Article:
Shaping the Scottish Government’s policy on ultra low emission vehicles

Global best practice and recommendations to phase out fossil fuelled vehicles


The Scottish Government has set a target of phasing out the need for fossil fuelled vehicles by 2032.

Urban Foresight was commissioned to highlight leading practices in supporting the adoption of ultra-low emission vehicles (ULEVs). This included recommendations on interventions that could be taken in Scotland to phase out the need for fossil fuelled vehicles.

Our structured analysis profiled developments in infrastructure, incentives, and emerging innovative solutions. These drew on our deep sector knowledge and international experience.

We compiled a series of case studies to profile measures that had been effective elsewhere and key areas for action to increase ULEV uptake. We also considered potential opportunities such as stimulating related economic activity.

The factors that had enabled different locations to gain early successes in supporting large-scale ULEV uptake were reviewed. This noted that many of these examples had focused on one or two categories of vehicles.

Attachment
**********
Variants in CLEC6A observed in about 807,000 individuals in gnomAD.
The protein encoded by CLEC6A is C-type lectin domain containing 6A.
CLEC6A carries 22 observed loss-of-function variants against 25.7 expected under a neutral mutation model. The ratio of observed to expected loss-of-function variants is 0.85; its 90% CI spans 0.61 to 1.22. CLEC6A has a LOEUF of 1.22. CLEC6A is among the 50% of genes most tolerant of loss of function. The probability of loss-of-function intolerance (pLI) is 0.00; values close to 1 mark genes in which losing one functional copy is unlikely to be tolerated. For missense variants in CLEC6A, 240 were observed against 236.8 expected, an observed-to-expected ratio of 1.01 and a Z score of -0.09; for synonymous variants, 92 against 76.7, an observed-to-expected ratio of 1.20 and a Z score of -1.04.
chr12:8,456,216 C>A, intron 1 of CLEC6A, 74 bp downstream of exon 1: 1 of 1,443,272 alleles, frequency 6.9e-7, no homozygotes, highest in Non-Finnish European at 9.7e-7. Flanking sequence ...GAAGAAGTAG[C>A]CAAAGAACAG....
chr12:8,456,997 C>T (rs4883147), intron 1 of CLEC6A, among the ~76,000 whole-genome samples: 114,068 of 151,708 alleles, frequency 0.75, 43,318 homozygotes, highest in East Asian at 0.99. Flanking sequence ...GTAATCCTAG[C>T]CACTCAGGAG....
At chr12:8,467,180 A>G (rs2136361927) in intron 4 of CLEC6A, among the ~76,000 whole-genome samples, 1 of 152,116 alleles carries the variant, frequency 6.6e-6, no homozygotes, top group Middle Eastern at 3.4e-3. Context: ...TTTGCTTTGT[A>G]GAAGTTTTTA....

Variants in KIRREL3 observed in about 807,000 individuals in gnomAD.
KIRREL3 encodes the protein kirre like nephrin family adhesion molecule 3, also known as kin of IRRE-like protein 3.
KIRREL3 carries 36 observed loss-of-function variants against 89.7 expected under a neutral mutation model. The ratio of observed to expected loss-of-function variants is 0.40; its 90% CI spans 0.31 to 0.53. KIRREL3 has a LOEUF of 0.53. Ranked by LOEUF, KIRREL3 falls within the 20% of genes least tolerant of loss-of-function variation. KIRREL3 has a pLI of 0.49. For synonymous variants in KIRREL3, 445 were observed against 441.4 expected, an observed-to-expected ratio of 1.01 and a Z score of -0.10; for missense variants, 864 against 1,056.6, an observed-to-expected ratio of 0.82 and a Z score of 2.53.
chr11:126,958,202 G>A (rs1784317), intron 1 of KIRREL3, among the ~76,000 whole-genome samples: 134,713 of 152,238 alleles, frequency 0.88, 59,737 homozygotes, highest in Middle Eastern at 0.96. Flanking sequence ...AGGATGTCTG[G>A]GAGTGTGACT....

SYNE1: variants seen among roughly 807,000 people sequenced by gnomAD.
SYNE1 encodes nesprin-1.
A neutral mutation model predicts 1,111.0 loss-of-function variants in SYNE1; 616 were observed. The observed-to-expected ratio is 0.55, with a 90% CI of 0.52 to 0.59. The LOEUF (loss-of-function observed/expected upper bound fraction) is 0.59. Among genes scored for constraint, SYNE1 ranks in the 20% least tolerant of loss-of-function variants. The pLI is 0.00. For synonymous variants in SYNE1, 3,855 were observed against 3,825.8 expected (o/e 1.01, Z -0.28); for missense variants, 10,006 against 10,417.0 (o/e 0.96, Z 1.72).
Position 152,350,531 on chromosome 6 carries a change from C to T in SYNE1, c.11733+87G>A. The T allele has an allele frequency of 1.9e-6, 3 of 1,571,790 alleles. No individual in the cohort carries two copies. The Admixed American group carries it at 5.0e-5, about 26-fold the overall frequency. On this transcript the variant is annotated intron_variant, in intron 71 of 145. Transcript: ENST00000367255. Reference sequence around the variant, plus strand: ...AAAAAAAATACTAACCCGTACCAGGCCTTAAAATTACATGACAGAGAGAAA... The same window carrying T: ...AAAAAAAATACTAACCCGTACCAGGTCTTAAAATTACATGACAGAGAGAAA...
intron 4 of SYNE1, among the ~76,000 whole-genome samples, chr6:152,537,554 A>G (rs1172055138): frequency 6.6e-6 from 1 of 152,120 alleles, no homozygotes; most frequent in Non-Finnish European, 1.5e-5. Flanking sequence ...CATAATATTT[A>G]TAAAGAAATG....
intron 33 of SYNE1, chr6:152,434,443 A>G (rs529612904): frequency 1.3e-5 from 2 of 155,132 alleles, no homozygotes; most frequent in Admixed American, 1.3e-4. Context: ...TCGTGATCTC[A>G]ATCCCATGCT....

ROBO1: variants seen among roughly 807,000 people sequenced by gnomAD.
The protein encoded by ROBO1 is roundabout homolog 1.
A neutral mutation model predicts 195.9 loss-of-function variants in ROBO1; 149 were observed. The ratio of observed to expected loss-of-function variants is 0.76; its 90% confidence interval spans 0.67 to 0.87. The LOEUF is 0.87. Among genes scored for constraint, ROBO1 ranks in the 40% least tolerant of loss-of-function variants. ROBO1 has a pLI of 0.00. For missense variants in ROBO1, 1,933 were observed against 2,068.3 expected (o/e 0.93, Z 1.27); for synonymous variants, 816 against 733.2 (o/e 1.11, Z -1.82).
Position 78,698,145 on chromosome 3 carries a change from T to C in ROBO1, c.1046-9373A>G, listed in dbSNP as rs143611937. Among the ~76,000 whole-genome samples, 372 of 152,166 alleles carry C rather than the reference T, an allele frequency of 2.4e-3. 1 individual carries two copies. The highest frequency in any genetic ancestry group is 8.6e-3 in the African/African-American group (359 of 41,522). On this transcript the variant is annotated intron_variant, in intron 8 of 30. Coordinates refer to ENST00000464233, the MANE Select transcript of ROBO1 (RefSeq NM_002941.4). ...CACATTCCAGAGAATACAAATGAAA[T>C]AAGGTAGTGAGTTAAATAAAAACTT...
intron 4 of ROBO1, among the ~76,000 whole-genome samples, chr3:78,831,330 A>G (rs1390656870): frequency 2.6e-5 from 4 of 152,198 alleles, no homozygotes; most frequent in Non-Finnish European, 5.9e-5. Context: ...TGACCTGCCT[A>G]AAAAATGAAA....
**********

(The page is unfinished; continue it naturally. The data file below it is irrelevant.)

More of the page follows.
Our recommendations were framed in the context of what could be achievable in Scotland. This prioritised practical measures such as investing in fully integrated charging hubs that encompass on site generation, energy storage, and innovative charging techniques.

We profiled opportunities to take new and more holistic approaches. This considered the role of EVs in integrated systems for energy and transportation.

Wider opportunities for Scottish businesses to help address global challenges were also profiled. This included the lack of capacity in battery manufacturing, critical automotive components, and opportunities related to battery manufacturing and recycling.

A key contribution of this work was to make clearly evidenced recommendations that were actionable in Scotland. This  required detailed consideration of the national context, devolved governance, and the likely impact of different interventions.


Image credit: Andrew Roberts